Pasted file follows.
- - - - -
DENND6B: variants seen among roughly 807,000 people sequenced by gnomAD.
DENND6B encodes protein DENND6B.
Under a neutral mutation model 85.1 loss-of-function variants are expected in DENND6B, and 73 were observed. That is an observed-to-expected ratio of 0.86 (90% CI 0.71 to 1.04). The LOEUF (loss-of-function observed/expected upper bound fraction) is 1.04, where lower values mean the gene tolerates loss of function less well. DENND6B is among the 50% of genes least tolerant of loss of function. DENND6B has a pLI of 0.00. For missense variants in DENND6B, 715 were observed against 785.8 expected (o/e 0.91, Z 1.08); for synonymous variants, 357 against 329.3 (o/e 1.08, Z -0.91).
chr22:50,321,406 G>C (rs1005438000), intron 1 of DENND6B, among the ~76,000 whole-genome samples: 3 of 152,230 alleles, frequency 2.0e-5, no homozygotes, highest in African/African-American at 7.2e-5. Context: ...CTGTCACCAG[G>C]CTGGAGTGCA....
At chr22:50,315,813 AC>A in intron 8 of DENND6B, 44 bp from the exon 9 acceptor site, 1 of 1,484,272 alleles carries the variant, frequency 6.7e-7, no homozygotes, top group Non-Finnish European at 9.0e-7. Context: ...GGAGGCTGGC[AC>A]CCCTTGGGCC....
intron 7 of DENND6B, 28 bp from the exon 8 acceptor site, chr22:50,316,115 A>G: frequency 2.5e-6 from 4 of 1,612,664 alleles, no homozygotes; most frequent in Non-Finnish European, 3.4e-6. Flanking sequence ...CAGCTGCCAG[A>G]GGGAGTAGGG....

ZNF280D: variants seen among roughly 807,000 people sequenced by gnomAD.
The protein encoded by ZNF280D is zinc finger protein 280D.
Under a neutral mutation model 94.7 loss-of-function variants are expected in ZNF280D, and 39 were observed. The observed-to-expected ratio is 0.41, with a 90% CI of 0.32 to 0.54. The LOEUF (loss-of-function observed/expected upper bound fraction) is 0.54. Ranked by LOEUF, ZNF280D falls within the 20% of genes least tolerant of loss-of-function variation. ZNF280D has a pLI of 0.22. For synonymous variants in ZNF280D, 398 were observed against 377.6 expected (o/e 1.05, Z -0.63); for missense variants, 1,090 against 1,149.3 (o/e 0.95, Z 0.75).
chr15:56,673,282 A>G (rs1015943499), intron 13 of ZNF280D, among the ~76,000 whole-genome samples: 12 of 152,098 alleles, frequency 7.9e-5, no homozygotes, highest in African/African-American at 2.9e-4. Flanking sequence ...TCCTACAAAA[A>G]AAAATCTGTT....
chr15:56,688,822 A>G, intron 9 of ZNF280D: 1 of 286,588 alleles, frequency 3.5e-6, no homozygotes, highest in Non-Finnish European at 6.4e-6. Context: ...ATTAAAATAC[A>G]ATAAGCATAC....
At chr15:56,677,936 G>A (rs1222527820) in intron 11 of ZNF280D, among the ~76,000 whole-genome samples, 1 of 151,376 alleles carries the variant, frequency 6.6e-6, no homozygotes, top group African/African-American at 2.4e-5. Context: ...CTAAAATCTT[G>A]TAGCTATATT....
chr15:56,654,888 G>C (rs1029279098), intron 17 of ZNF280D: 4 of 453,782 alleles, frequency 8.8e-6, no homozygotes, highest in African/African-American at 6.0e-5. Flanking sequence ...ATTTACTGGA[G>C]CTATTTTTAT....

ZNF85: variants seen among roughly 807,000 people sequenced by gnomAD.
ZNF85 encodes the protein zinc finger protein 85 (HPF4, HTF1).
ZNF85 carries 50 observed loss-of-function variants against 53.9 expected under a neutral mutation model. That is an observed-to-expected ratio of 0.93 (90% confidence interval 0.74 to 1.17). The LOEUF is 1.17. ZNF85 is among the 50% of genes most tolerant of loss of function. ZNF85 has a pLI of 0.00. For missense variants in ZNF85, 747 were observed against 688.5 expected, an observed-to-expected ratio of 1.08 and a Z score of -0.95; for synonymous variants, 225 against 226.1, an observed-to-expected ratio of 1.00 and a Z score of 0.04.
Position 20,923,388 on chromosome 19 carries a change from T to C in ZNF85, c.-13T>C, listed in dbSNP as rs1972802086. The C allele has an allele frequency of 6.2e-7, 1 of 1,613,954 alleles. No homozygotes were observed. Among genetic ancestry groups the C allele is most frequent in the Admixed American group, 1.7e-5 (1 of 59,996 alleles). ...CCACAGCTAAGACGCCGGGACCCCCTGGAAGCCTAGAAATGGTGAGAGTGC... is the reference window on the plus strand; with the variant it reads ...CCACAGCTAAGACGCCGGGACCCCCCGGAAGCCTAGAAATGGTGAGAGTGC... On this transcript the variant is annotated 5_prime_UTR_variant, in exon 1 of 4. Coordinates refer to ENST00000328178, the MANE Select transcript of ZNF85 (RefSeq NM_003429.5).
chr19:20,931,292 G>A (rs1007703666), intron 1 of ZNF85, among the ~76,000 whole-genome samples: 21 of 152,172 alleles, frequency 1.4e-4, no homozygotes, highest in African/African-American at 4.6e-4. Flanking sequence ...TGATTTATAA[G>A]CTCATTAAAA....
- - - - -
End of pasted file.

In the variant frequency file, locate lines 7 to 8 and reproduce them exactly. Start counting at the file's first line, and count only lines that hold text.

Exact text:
ZNF280D: variants seen among roughly 807,000 people sequenced by gnomAD.
The protein encoded by ZNF280D is zinc finger protein 280D.